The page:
Hugely encouraging, given how scientifically illiterate so many of our nation's citizens are (I'm talking about you, global warming skeptics, evolution deniers, and anti-vaccine fanatics)...
Smith Auditorium was almost completely filled for Brian Greene's talk at Willamette University tonight.
Greene is one of the most gifted popularizers of science, today's Carl Sagan in many ways. He also is a highly respected scientist in his own right, being a theoretical physicist and string theorist.
My wife and I had seen him on television numerous times. I've read all of his books. But seeing him in person made us realize what a Wow! guy he is. Energetic. Humorous. Entertaining. Personable.
Greene is a great salesman for science.
He makes science sound wonderfully exciting, a never-ending adventure into the unknown. I loved how he began his talk by giving examples of how scientists just go for it, dare to dream new ideas, explore fresh territory.
I already was familiar with much of what he talked about, science-wise.
Newton's laws of motion that modeled how gravity works. Einstein's relativity theory that modeled both how and why gravity works. Discoveries of a universe that not only is expanding, but accelerating. Black holes. Big bang inflationary expansion. Multiverse theories of continual big bangs fashioning countless other universes.
But Greene explained this stuff so clearly, it was like hearing about it for the first time. And when the Q&A session came, how Greene handled questions from students young and older was even more impressive.
I had some questions of my own. I was sitting in an aisle seat.
However, I could see that everybody lined up at the microphone near the stage on my side of the auditorium was about half my height and 1/6 my age. The math didn't look good for me. I feared that I'd look like an old man taking question-line space that could have been filled by the cute science-literate elementary school girls who wanted to ask Greene something.
So I sat in my seat and listened. Good choice. Because several of the girls got Greene to talk about issues that were close to what I was wondering.
If the universe is accelerating, with galaxies moving farther and farther apart at greater than the speed of light (expanding space can do this), which means that billions of years from now scientists of the future will only be aware of a few "island" galaxies near them, missing the reality of the thickly populated universe we know about, why should we feel that how we see things now isn't also a misguided cosmic viewpoint -- slanted by a similar time-bound perspective?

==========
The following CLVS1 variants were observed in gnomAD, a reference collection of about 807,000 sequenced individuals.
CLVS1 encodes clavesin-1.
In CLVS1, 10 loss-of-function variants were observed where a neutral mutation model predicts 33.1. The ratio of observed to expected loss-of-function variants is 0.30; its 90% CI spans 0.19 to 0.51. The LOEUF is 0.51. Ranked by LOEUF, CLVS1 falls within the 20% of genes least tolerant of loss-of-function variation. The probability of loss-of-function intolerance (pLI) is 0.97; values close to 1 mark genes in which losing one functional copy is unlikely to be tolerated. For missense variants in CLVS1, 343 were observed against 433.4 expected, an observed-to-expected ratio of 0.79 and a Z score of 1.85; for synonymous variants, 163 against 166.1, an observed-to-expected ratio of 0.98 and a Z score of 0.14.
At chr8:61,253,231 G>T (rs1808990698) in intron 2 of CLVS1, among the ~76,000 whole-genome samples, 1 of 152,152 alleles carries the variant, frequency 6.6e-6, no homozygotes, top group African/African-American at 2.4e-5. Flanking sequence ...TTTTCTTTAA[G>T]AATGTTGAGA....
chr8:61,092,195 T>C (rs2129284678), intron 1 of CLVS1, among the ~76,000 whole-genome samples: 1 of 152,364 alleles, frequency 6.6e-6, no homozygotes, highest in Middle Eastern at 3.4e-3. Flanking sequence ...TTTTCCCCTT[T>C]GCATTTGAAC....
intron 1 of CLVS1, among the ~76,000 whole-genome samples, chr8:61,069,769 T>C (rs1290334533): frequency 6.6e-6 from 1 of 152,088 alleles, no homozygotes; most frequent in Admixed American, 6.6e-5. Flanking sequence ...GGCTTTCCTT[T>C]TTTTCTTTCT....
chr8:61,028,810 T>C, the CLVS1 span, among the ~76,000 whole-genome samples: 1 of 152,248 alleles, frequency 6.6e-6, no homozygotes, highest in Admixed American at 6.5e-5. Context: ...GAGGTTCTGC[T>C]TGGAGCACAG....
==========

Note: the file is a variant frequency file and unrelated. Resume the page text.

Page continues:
Greene's answer, basically, was that we can't be sure we are seeing reality clearly. All we can do is seek the truth as forcefully as possible. His optimism was palpable. I have no doubt that he deeply inspired the aspiring scientists in the auditorium.
Yet my wife and I, along with two friends who also came to the lecture, stood on the State Street sidewalk after his talk and came up with some skeptical questions that we dearly wished it had been possible to ask of Greene.
We wondered whether the laws of physics are truly as objectively real as Greene implied. Meaning, he gave example after example of how mathematical formulas are able to mirror observations of the universe. Einstein's relativity theory precisely predicted how light bends around a massive object, the sun.
But the mathematics and the observations are both products of the human brain/mind. So even though most mathematicians view the equations that describe laws of nature to exist in some sort of objective Platonic realm of reality, I wondered how beings (like space aliens) with a very different form of consciousness would look upon the cosmos.
Here we get into quasi-Matrix notions.
What if the amazing match between sensory observations of the cosmos, and mathematical descriptions of it, is partly (or completely) caused by both the observations and mathematical descriptions being the product of human brains/minds?
I admit this sounds weird.
Yet Greene encouraged us to think outside the box. My philosophical problem with modern-day, or any-day, science doesn't concern its ability to discern truths about reality. It is whether these truths exist objectively "out there" in the universe, or reflect the "in here" of human consciousness.
Probably there is no way to tell -- until we can communicate either with an advanced alien civilization, or a super-smart artificial intelligence. Would these other forms of consciousness, who had their own understanding of reality, agree with our scientific truths, our descriptions of the laws of nature?
This question doesn't really bear upon the validity of modern science, which is far superior to other ways of trying to comprehend reality, such as religion. But I love the fact that it can be asked. Nothing is sacred in science. Not even the scientific method. Or the most widely accepted scientific knowledge.
Which is why Brian Greene's talk was so inspiring. He urged us to pursue a truth-seeking journey, not a destination. A fluid ever-questioning process, not answers set in illusory stone.